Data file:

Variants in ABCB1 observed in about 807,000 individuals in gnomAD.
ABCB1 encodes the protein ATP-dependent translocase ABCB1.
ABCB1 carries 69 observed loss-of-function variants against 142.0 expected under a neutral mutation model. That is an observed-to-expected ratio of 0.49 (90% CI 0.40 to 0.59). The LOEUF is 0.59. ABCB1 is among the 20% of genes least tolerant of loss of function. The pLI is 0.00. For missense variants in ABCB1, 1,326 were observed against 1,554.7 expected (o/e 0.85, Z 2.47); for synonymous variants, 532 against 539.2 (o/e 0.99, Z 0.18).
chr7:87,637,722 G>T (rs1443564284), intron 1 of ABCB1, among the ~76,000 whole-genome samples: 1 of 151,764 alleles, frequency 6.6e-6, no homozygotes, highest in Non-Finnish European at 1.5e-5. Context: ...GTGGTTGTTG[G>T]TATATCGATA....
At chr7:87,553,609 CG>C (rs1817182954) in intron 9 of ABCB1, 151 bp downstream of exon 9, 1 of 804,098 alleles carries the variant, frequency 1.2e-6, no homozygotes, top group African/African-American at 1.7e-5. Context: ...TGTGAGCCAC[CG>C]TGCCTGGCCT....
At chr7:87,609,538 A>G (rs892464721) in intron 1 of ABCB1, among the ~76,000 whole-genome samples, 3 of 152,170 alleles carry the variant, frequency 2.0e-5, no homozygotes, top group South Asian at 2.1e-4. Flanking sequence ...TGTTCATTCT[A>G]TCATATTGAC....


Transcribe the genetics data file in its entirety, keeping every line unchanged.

Variants in ABCB1 observed in about 807,000 individuals in gnomAD.
ABCB1 encodes the protein ATP-dependent translocase ABCB1.
ABCB1 carries 69 observed loss-of-function variants against 142.0 expected under a neutral mutation model. That is an observed-to-expected ratio of 0.49 (90% CI 0.40 to 0.59). The LOEUF is 0.59. ABCB1 is among the 20% of genes least tolerant of loss of function. The pLI is 0.00. For missense variants in ABCB1, 1,326 were observed against 1,554.7 expected (o/e 0.85, Z 2.47); for synonymous variants, 532 against 539.2 (o/e 0.99, Z 0.18).
chr7:87,637,722 G>T (rs1443564284), intron 1 of ABCB1, among the ~76,000 whole-genome samples: 1 of 151,764 alleles, frequency 6.6e-6, no homozygotes, highest in Non-Finnish European at 1.5e-5. Context: ...GTGGTTGTTG[G>T]TATATCGATA....
At chr7:87,553,609 CG>C (rs1817182954) in intron 9 of ABCB1, 151 bp downstream of exon 9, 1 of 804,098 alleles carries the variant, frequency 1.2e-6, no homozygotes, top group African/African-American at 1.7e-5. Context: ...TGTGAGCCAC[CG>C]TGCCTGGCCT....
At chr7:87,609,538 A>G (rs892464721) in intron 1 of ABCB1, among the ~76,000 whole-genome samples, 3 of 152,170 alleles carry the variant, frequency 2.0e-5, no homozygotes, top group South Asian at 2.1e-4. Flanking sequence ...TGTTCATTCT[A>G]TCATATTGAC....